This entry is about pretopologies on sites. For a similarly-named generalization of topological spaces based on neighborhoods, see pretopological space.
A Grothendieck pretopology or basis for a Grothendieck topology is a collection of families of morphisms in a category which can be considered as covers.
Every Grothendieck pretopology generates a genuine Grothendieck topology. Different pretopologies may give rise to the same topology.
An even weaker notion than a Grothendieck pretopology, which also generates a Grothendieck topology, is a coverage. A Grothendieck pretopology can be defined as a coverage that also satisfies a couple of extra saturation conditions. (Note that it is coverages, not pretopologies, that most directly corresponds to bases of topological spaces.
See Definition II.1.3 in SGA 4.
Let $C$ be a category. A Grothendieck pretopology or basis (for a Grothendieck topology) on $C$ is an assignment to each object $U$ of $C$ of a collection of families $\{U_i \to U\}$ of morphisms, called covering families such that
(Stability under base changes.) The collection of covering families is stable under pullback: if $\{U_i \to U\}$ is a covering family and $f : V \to U$ is any morphism in $C$, then $\{f^* U_i \to V\}$ exists and is a covering family;
(Stability under composition.) If $\{U_i \to U\}_{i \in I}$ is a covering family and for each $i$ also $\{U_{i,j} \to U_i\}_{j \in J_i}$ is a covering family, then also the family of composites $\{U_{i,j} \to U_i \to U\}_{i\in I, j \in J_i}$ is a covering family.
(Isomorphisms cover.) Every family consisting of a single isomorphism $\{V \stackrel{\cong}{\to}U\}$ is a covering family;
If we drop the second and third conditions, we obtain something a bit stronger than a coverage; at the page coverage this notion is called a cartesian coverage. Conversely every coverage on a category with pullbacks generates a Grothendieck pretopology by an evident closure process. However, many coverages that arise in practice are actually already Grothendieck pretopologies. On the other hand, for some analogues in noncommutative algebraic geometry, rather the stability axiom fails.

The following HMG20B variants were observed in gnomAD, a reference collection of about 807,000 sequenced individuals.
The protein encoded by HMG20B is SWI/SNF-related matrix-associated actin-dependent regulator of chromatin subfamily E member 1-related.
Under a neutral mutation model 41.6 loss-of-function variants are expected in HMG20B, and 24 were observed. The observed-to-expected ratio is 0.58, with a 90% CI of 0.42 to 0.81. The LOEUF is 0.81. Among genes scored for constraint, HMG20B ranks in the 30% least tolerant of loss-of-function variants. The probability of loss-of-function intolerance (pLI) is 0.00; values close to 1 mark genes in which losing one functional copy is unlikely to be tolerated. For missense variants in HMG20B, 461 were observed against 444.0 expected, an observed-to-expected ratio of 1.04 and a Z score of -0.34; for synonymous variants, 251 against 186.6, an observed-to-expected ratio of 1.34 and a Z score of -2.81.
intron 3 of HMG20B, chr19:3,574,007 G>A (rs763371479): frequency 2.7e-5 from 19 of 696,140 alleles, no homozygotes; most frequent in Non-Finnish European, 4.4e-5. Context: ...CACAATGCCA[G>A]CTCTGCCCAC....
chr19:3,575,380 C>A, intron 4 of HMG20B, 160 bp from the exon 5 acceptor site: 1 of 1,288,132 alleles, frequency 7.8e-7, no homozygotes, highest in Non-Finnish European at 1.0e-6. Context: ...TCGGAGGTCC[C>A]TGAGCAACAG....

The Grothendieck topology on $C$ generated from a basis of covering families is that for which a sieve $\{S_i \to U\}$ is covering precisely if it contains a covering family of morphisms.
Given any Grothendieck topology on $C$, there is a maximal basis which generates it: this has as covering families precisely thoses families of morphisms that generate a covering sieve under completion under precomposition.
The prototype is the pretopology on the category of open subsets $Op(X)$ of a topological space $X$, consisting of open covers of $X$.
Given a base for the topology on $X$, we can construct a pretopology on $Op(X)$ by declaring that a family $\{U_i\to V\}_{i\in I}$ is a covering family if it is an open cover and for every $i\in I$ the open set $U_i$ is the intersection of $V$ and an element of the base.
If instead we impose a stronger requirement that $U_i$ belongs to the base, then the resulting coverage is not a pretopology, since the intersection of such a covering family with an arbitrary open subset of $X$ is an open cover whose elements need not belong to the base.
Grothendieck pretopologies on Top include:
An example for the category Diff of manifolds is the pretopology of surjective submersions. All of these have covering families consisting of single morphisms. Such a pretopology is called a singleton pretopology (and, in particular, it is a singleton coverage).
An example of a coverage that is not a pretopology is the coverage of good open covers, say on Diff. In general the pullback of a good open cover is just an open cover, not necessarily still one where all finite non-empty intersections are contractible.
The definition appears for instance as definition 2 on page 111 of
Last revised on May 10, 2022 at 13:23:00. See the history of this page for a list of all contributions to it.